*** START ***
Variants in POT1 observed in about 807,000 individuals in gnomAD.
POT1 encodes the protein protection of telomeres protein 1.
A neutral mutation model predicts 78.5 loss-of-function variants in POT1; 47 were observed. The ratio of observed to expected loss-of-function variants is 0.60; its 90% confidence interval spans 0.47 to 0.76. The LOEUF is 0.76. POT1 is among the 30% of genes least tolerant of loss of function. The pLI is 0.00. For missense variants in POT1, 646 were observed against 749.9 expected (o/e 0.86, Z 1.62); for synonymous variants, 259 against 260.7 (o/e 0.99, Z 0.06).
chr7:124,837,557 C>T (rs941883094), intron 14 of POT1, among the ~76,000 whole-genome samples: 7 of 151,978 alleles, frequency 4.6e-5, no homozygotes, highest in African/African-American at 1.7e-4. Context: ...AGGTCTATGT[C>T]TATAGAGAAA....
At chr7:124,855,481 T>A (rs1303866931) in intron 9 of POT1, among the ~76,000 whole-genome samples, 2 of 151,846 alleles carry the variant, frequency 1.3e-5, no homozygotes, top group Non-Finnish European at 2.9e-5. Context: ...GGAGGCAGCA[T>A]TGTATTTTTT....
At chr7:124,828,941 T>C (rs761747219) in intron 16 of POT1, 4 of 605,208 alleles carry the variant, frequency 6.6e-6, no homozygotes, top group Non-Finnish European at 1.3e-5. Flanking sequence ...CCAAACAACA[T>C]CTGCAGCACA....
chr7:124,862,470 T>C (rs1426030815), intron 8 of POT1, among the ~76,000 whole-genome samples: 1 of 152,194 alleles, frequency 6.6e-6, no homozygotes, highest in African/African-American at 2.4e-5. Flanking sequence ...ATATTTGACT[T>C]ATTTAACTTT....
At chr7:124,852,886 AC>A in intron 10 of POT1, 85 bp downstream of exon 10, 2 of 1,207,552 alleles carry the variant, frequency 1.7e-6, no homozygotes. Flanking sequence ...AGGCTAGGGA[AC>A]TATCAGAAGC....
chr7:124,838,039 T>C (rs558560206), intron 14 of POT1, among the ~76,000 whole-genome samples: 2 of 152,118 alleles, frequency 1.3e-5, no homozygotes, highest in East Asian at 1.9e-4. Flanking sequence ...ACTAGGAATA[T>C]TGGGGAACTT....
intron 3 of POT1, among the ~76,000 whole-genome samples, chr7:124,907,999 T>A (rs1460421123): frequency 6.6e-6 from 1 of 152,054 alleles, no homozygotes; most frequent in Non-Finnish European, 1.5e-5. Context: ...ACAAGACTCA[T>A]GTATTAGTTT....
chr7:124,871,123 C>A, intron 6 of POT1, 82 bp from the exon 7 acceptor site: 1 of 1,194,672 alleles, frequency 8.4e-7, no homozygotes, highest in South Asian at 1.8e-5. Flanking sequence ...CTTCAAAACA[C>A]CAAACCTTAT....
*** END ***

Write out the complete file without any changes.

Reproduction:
Variants in POT1 observed in about 807,000 individuals in gnomAD.
POT1 encodes the protein protection of telomeres protein 1.
A neutral mutation model predicts 78.5 loss-of-function variants in POT1; 47 were observed. The ratio of observed to expected loss-of-function variants is 0.60; its 90% confidence interval spans 0.47 to 0.76. The LOEUF is 0.76. POT1 is among the 30% of genes least tolerant of loss of function. The pLI is 0.00. For missense variants in POT1, 646 were observed against 749.9 expected (o/e 0.86, Z 1.62); for synonymous variants, 259 against 260.7 (o/e 0.99, Z 0.06).
chr7:124,837,557 C>T (rs941883094), intron 14 of POT1, among the ~76,000 whole-genome samples: 7 of 151,978 alleles, frequency 4.6e-5, no homozygotes, highest in African/African-American at 1.7e-4. Context: ...AGGTCTATGT[C>T]TATAGAGAAA....
At chr7:124,855,481 T>A (rs1303866931) in intron 9 of POT1, among the ~76,000 whole-genome samples, 2 of 151,846 alleles carry the variant, frequency 1.3e-5, no homozygotes, top group Non-Finnish European at 2.9e-5. Context: ...GGAGGCAGCA[T>A]TGTATTTTTT....
At chr7:124,828,941 T>C (rs761747219) in intron 16 of POT1, 4 of 605,208 alleles carry the variant, frequency 6.6e-6, no homozygotes, top group Non-Finnish European at 1.3e-5. Flanking sequence ...CCAAACAACA[T>C]CTGCAGCACA....
chr7:124,862,470 T>C (rs1426030815), intron 8 of POT1, among the ~76,000 whole-genome samples: 1 of 152,194 alleles, frequency 6.6e-6, no homozygotes, highest in African/African-American at 2.4e-5. Flanking sequence ...ATATTTGACT[T>C]ATTTAACTTT....
At chr7:124,852,886 AC>A in intron 10 of POT1, 85 bp downstream of exon 10, 2 of 1,207,552 alleles carry the variant, frequency 1.7e-6, no homozygotes. Flanking sequence ...AGGCTAGGGA[AC>A]TATCAGAAGC....
chr7:124,838,039 T>C (rs558560206), intron 14 of POT1, among the ~76,000 whole-genome samples: 2 of 152,118 alleles, frequency 1.3e-5, no homozygotes, highest in East Asian at 1.9e-4. Flanking sequence ...ACTAGGAATA[T>C]TGGGGAACTT....
intron 3 of POT1, among the ~76,000 whole-genome samples, chr7:124,907,999 T>A (rs1460421123): frequency 6.6e-6 from 1 of 152,054 alleles, no homozygotes; most frequent in Non-Finnish European, 1.5e-5. Context: ...ACAAGACTCA[T>A]GTATTAGTTT....
chr7:124,871,123 C>A, intron 6 of POT1, 82 bp from the exon 7 acceptor site: 1 of 1,194,672 alleles, frequency 8.4e-7, no homozygotes, highest in South Asian at 1.8e-5. Flanking sequence ...CTTCAAAACA[C>A]CAAACCTTAT....